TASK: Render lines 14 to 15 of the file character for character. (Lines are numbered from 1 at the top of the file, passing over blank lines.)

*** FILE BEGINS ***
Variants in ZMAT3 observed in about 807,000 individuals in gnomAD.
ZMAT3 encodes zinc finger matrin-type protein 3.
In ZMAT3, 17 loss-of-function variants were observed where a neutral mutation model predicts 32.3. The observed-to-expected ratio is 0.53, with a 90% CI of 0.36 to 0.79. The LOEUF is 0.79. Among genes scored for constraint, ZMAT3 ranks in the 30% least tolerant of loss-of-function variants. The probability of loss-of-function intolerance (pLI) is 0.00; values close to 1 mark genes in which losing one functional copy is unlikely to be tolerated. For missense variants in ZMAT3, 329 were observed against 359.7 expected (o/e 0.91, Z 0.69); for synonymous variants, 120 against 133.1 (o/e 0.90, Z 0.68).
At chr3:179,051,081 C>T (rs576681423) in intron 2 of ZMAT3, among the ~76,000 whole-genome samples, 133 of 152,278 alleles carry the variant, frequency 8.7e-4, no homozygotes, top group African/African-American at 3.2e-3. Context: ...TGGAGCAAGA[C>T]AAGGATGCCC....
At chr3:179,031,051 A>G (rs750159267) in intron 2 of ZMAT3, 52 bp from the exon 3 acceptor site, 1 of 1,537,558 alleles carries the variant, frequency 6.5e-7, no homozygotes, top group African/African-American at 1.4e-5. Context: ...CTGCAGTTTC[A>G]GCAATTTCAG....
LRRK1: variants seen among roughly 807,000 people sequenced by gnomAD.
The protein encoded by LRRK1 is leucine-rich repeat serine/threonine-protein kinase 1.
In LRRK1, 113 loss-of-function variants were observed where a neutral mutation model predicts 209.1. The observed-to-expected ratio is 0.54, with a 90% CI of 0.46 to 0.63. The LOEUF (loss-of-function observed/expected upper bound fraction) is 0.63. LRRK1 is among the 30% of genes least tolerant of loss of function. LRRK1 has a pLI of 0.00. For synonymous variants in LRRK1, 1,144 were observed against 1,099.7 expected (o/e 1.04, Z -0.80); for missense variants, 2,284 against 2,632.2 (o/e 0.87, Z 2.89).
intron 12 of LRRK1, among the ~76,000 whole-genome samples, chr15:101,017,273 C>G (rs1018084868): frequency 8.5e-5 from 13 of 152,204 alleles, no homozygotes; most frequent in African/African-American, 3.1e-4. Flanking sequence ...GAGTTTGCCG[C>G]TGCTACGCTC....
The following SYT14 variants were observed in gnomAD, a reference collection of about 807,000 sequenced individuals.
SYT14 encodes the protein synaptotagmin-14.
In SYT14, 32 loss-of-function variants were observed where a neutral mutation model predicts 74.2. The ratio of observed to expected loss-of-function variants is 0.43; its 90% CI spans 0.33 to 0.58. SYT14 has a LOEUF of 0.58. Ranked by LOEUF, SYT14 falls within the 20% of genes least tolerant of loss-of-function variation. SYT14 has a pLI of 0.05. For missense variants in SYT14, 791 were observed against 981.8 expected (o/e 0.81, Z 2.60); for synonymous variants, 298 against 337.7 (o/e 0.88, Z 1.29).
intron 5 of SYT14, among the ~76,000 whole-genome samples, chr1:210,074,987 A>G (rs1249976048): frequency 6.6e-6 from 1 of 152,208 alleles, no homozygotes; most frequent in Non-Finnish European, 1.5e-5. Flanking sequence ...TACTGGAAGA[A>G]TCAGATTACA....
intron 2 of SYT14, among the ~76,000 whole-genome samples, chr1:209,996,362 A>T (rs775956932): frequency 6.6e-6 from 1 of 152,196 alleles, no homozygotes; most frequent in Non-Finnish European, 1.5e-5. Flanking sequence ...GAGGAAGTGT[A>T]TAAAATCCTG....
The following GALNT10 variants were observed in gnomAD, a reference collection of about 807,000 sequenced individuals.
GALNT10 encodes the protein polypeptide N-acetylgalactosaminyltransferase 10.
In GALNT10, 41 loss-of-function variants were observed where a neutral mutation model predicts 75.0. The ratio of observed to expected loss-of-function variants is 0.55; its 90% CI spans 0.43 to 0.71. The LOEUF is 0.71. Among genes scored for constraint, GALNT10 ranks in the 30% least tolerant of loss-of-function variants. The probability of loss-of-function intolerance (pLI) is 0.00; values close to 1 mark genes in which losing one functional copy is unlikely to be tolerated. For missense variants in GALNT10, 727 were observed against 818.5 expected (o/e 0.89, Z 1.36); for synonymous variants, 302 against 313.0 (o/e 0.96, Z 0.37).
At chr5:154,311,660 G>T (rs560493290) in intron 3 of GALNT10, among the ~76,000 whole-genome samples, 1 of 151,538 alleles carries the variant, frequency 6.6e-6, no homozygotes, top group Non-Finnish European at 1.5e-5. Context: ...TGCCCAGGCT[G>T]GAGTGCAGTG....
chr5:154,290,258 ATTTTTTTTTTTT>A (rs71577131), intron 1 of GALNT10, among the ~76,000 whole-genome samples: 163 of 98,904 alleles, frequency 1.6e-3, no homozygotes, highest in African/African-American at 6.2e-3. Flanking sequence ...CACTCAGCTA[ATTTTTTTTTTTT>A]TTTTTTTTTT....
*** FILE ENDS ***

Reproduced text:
intron 2 of SYT14, among the ~76,000 whole-genome samples, chr1:209,996,362 A>T (rs775956932): frequency 6.6e-6 from 1 of 152,196 alleles, no homozygotes; most frequent in Non-Finnish European, 1.5e-5. Flanking sequence ...GAGGAAGTGT[A>T]TAAAATCCTG....
The following GALNT10 variants were observed in gnomAD, a reference collection of about 807,000 sequenced individuals.